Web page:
LETTER : Look to the Probation Service when dealing with crime

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The Independent Online
Sir: Important as constitutional issues are, your editorial ("The wrong way to fight crime", 8 March) was right to suggest that the current dispute between the Home Secretary and the Lord Chief Justice is largely irrelevant to the reduction of crime. It is, however, wrong to speak of "overhasty reforms ... in the early Nineties that made sentencing more lenient". Compared with all the vote-catching initiatives that have superseded it, the Criminal Justice Act 1991 was a carefully thought-out and coherent strategy which complemented the Woolf report's vision of a more humane and effective penal system.

In truth, however, the 1991 framework was given only a few months to work before key parts of it were removed, and the scene set for Michael Howard's lamentable "prison works" strategy. One consequence of this is a penal system yet again on the edge of collapse.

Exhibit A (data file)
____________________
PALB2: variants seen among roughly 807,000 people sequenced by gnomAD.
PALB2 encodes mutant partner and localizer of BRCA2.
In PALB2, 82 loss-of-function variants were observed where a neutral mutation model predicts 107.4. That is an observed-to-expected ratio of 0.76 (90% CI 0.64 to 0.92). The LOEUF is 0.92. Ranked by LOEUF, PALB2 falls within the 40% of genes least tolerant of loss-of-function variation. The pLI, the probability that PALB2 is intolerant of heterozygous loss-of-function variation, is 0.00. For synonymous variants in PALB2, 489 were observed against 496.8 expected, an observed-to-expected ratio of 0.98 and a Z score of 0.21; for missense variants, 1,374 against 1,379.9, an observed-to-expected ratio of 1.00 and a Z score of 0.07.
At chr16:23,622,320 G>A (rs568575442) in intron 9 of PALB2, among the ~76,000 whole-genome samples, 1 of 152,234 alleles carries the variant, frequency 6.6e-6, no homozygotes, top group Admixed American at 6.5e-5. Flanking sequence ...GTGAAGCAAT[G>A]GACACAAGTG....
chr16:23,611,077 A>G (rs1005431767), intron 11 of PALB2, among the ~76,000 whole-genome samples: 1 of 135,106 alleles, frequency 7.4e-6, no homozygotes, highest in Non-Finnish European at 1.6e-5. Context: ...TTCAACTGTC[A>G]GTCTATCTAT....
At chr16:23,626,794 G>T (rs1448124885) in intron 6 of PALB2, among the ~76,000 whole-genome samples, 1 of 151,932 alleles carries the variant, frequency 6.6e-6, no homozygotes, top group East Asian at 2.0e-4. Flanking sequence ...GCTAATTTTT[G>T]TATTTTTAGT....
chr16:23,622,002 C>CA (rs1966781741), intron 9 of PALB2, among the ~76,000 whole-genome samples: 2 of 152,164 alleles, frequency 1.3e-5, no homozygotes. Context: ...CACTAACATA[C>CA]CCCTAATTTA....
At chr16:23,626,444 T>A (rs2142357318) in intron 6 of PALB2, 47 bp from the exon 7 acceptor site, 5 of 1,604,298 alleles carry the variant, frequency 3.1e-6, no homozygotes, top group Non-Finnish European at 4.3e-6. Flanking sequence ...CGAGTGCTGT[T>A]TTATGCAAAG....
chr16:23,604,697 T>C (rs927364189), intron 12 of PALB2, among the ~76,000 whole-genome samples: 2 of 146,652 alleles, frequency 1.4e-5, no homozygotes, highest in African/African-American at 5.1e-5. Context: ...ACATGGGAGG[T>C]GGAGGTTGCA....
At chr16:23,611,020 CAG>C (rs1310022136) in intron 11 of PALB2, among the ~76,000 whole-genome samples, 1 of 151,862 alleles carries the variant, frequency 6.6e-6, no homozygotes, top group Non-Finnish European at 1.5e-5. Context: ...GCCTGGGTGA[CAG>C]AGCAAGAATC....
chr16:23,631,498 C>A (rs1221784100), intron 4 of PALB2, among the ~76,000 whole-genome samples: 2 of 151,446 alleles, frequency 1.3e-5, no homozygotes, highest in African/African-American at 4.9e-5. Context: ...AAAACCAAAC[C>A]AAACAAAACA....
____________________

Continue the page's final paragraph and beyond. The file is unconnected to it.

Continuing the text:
Since the demise of the philosophy underpinning the 1991 Act the Probation Service has been in political limbo. Slowly, through internal critique, it is remaking itself, recognising that it must provide, and be seen to provide, a service for the whole community. It is putting its blinkered and nostalgic defence of social work training behind it, but not, quite rightly, its due regard for the place of care and support in all effective work with offenders, or its belief that social exclusion lies at the root of much, if not all, criminal behaviour.

So long as it is not undermined by a soulless managerialism, it is to the Probation Service, in partnership with reputable voluntary agencies, that one should look for the new ways of dealing with crime to which your editorial referred. Its potential remains untapped.

Dr Mike Nellis

Lecturer in Probation Studies

University of Birmingham

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